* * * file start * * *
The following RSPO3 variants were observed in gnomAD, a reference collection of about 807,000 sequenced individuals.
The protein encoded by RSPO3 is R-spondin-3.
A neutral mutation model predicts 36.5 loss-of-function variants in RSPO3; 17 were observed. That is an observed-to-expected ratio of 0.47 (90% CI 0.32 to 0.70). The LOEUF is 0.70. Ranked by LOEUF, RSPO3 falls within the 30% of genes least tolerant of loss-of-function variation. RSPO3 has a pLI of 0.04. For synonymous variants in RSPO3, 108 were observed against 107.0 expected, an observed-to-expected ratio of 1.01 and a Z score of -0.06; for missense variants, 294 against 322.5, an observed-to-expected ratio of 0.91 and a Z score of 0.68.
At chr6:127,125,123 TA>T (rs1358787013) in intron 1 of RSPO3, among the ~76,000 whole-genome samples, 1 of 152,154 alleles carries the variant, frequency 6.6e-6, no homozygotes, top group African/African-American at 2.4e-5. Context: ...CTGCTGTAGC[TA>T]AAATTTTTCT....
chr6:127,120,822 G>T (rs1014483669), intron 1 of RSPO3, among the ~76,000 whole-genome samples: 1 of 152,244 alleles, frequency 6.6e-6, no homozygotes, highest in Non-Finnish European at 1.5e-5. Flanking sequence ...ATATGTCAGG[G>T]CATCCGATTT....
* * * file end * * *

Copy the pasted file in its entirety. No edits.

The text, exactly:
The following RSPO3 variants were observed in gnomAD, a reference collection of about 807,000 sequenced individuals.
The protein encoded by RSPO3 is R-spondin-3.
A neutral mutation model predicts 36.5 loss-of-function variants in RSPO3; 17 were observed. That is an observed-to-expected ratio of 0.47 (90% CI 0.32 to 0.70). The LOEUF is 0.70. Ranked by LOEUF, RSPO3 falls within the 30% of genes least tolerant of loss-of-function variation. RSPO3 has a pLI of 0.04. For synonymous variants in RSPO3, 108 were observed against 107.0 expected, an observed-to-expected ratio of 1.01 and a Z score of -0.06; for missense variants, 294 against 322.5, an observed-to-expected ratio of 0.91 and a Z score of 0.68.
At chr6:127,125,123 TA>T (rs1358787013) in intron 1 of RSPO3, among the ~76,000 whole-genome samples, 1 of 152,154 alleles carries the variant, frequency 6.6e-6, no homozygotes, top group African/African-American at 2.4e-5. Context: ...CTGCTGTAGC[TA>T]AAATTTTTCT....
chr6:127,120,822 G>T (rs1014483669), intron 1 of RSPO3, among the ~76,000 whole-genome samples: 1 of 152,244 alleles, frequency 6.6e-6, no homozygotes, highest in Non-Finnish European at 1.5e-5. Flanking sequence ...ATATGTCAGG[G>T]CATCCGATTT....